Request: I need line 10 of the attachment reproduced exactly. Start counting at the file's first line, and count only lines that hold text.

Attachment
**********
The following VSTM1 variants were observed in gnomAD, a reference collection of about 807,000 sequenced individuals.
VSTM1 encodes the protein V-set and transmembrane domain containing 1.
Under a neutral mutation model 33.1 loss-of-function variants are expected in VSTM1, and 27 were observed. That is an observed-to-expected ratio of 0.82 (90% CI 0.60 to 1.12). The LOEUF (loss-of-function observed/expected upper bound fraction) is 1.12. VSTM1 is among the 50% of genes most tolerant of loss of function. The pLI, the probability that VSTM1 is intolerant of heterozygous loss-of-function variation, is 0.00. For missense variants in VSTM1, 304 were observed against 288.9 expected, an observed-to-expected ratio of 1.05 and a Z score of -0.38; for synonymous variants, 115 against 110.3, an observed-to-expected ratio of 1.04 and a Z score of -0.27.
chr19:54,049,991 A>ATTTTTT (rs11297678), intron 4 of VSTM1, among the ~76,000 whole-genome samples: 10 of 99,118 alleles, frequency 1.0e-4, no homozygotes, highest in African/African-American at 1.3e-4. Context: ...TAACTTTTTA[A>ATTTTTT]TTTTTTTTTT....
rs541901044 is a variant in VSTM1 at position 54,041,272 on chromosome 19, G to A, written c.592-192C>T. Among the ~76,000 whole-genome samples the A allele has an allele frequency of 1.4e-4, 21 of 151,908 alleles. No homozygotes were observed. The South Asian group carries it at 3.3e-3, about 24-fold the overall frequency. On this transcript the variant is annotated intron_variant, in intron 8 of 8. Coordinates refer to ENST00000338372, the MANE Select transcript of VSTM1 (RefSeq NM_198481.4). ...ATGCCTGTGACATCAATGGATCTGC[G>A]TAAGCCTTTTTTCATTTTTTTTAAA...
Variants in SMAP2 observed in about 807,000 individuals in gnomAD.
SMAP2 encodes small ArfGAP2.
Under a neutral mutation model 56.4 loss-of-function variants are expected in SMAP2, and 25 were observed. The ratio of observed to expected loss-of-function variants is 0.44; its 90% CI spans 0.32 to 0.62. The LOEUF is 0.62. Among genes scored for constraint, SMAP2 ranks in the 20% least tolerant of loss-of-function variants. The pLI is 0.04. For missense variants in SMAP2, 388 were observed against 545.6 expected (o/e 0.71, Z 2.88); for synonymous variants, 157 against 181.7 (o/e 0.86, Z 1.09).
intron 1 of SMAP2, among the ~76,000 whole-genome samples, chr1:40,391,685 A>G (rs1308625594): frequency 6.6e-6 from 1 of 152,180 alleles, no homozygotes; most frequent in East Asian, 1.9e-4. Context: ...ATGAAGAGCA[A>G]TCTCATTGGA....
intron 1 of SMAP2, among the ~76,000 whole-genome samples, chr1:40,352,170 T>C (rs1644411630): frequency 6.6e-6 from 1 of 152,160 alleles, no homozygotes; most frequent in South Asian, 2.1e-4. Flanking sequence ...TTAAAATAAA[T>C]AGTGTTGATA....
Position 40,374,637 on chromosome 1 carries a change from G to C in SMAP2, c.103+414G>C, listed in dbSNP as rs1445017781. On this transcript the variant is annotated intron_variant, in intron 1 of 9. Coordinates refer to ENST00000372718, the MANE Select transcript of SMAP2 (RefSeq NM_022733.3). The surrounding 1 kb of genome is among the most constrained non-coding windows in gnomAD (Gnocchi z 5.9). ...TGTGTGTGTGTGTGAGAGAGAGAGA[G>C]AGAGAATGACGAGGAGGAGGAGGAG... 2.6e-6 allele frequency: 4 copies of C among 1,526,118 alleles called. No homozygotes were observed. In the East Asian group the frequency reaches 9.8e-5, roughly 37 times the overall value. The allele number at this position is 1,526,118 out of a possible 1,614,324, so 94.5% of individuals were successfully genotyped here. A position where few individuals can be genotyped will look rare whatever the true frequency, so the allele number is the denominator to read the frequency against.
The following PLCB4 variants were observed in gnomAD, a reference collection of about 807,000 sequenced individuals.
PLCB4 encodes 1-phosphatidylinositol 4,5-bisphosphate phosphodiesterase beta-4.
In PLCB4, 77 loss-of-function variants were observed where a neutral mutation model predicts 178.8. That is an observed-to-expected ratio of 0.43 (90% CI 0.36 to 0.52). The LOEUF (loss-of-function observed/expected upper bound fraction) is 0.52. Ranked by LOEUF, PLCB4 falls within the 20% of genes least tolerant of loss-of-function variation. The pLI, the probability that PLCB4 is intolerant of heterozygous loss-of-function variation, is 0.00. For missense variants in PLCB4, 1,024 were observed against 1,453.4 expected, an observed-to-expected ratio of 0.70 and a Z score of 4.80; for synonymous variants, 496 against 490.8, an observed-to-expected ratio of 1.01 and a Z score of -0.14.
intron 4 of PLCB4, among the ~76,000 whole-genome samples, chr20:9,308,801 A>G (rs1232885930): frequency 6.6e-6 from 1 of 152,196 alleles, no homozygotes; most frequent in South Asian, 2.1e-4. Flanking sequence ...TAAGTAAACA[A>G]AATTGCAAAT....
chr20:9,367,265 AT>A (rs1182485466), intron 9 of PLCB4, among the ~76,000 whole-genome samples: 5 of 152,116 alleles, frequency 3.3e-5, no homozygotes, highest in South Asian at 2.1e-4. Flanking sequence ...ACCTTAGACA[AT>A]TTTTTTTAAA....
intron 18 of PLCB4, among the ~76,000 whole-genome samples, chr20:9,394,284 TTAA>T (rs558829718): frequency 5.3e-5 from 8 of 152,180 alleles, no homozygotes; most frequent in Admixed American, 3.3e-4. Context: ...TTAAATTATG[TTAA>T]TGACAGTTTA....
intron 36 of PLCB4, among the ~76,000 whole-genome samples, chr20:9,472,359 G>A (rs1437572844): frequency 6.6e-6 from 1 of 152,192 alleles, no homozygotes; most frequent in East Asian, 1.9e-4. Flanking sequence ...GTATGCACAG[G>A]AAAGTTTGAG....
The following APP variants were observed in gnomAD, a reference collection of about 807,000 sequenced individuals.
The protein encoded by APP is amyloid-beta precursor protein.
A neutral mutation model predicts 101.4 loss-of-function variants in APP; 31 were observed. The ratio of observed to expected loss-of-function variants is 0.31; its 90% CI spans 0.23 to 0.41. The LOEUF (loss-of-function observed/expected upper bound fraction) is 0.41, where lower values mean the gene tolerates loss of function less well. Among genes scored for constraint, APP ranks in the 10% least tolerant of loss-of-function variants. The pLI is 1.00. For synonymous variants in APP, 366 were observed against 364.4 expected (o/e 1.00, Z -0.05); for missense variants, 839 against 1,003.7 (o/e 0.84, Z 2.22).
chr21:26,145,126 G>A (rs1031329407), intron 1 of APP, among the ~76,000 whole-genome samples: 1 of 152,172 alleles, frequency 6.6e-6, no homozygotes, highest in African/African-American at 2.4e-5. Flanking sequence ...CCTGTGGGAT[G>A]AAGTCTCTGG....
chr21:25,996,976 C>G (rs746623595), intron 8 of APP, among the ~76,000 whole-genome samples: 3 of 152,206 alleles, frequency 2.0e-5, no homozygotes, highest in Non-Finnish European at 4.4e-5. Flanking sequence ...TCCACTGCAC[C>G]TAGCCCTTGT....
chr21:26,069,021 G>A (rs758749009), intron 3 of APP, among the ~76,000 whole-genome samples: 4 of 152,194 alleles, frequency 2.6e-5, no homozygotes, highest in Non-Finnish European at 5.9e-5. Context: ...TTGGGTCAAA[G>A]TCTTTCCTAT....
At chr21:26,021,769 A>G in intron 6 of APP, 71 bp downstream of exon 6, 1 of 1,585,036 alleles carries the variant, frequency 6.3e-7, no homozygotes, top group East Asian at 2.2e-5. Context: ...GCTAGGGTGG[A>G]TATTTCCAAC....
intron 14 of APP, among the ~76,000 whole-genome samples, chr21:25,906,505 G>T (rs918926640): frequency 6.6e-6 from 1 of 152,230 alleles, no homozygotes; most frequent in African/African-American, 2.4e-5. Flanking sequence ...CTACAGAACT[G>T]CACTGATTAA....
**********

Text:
intron 1 of SMAP2, among the ~76,000 whole-genome samples, chr1:40,352,170 T>C (rs1644411630): frequency 6.6e-6 from 1 of 152,160 alleles, no homozygotes; most frequent in South Asian, 2.1e-4. Flanking sequence ...TTAAAATAAA[T>C]AGTGTTGATA....